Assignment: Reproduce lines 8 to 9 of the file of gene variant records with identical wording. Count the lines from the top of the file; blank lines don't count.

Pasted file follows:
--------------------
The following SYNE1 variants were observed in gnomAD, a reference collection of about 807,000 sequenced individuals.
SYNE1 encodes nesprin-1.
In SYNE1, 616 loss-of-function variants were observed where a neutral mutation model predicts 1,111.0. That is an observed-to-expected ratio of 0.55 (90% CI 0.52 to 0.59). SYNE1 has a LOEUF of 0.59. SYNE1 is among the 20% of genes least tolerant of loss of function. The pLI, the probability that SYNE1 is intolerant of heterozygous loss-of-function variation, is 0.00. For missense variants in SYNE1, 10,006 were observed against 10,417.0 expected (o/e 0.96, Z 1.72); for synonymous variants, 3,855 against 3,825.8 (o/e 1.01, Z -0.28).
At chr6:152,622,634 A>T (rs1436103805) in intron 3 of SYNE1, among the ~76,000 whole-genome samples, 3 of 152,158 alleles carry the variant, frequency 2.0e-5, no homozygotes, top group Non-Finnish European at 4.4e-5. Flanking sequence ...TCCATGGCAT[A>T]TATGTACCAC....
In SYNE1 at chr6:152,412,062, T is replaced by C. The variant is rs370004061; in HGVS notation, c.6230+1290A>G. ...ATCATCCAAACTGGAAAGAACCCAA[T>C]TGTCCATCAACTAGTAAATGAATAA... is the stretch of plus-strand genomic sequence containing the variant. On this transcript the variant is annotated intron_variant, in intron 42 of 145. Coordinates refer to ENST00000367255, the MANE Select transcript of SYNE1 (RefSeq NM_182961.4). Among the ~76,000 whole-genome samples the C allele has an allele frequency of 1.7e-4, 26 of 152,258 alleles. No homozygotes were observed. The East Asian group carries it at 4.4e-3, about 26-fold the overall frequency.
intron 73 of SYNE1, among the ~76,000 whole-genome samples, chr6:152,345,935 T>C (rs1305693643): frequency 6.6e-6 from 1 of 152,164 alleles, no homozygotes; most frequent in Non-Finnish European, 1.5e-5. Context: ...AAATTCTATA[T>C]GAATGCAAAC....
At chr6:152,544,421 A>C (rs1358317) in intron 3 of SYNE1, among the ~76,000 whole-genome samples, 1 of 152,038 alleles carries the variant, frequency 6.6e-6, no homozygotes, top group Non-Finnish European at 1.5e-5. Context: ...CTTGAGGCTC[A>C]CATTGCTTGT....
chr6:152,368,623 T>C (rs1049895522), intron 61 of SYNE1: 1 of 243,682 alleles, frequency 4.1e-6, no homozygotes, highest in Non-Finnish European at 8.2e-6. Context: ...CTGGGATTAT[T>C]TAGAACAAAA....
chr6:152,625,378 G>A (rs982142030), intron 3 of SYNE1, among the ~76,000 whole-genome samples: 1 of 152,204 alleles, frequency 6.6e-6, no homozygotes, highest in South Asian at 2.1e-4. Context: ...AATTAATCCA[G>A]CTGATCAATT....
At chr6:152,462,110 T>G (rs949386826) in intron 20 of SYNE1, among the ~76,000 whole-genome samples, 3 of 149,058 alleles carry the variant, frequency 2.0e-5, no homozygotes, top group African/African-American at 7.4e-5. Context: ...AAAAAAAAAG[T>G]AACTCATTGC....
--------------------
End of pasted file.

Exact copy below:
chr6:152,368,623 T>C (rs1049895522), intron 61 of SYNE1: 1 of 243,682 alleles, frequency 4.1e-6, no homozygotes, highest in Non-Finnish European at 8.2e-6. Context: ...CTGGGATTAT[T>C]TAGAACAAAA....
chr6:152,625,378 G>A (rs982142030), intron 3 of SYNE1, among the ~76,000 whole-genome samples: 1 of 152,204 alleles, frequency 6.6e-6, no homozygotes, highest in South Asian at 2.1e-4. Context: ...AATTAATCCA[G>A]CTGATCAATT....